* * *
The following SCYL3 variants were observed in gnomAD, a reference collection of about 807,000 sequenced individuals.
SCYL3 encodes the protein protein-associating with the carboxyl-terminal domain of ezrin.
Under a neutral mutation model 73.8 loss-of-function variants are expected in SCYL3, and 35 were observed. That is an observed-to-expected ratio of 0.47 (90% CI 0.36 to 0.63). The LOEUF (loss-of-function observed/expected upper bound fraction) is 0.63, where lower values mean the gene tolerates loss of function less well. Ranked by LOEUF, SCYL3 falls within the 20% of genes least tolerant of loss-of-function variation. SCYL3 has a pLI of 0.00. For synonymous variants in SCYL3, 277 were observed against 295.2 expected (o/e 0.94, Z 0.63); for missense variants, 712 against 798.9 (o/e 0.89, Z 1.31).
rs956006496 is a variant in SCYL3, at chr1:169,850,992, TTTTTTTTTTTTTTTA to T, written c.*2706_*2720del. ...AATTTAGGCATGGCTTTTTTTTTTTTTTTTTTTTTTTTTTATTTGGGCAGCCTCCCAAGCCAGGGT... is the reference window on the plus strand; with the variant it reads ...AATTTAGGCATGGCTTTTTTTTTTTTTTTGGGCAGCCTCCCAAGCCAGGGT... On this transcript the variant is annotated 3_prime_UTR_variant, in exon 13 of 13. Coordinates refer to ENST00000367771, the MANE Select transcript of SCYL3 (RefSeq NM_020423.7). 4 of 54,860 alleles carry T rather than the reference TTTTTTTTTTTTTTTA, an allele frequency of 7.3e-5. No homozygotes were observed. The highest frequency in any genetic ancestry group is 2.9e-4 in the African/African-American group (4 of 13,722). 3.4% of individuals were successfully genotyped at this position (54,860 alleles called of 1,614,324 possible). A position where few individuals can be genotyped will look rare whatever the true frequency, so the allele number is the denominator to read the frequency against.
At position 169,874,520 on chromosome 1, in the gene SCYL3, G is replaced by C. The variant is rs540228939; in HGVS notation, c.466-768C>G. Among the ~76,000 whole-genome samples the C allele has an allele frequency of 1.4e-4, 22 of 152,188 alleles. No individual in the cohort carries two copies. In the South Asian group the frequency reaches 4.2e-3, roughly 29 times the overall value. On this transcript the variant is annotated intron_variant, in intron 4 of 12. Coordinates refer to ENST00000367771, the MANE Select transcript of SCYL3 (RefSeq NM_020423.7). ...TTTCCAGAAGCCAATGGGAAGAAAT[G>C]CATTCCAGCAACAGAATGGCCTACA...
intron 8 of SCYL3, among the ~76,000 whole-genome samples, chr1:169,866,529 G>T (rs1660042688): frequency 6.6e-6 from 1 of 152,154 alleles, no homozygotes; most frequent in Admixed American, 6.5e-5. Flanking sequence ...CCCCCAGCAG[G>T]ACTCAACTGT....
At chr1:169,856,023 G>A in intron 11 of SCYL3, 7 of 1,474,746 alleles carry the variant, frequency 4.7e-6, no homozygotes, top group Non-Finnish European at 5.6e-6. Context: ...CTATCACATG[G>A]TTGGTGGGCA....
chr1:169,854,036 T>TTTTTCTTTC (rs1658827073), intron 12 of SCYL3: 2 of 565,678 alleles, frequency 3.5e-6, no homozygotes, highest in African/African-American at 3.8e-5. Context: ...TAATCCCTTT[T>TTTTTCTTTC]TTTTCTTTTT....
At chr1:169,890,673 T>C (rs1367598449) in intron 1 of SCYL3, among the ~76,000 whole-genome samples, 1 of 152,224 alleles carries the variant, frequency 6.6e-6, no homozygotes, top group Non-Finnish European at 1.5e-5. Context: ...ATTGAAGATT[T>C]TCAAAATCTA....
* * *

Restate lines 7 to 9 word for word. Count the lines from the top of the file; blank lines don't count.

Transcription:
At chr1:169,856,023 G>A in intron 11 of SCYL3, 7 of 1,474,746 alleles carry the variant, frequency 4.7e-6, no homozygotes, top group Non-Finnish European at 5.6e-6. Context: ...CTATCACATG[G>A]TTGGTGGGCA....
chr1:169,854,036 T>TTTTTCTTTC (rs1658827073), intron 12 of SCYL3: 2 of 565,678 alleles, frequency 3.5e-6, no homozygotes, highest in African/African-American at 3.8e-5. Context: ...TAATCCCTTT[T>TTTTTCTTTC]TTTTCTTTTT....
At chr1:169,890,673 T>C (rs1367598449) in intron 1 of SCYL3, among the ~76,000 whole-genome samples, 1 of 152,224 alleles carries the variant, frequency 6.6e-6, no homozygotes, top group Non-Finnish European at 1.5e-5. Context: ...ATTGAAGATT[T>C]TCAAAATCTA....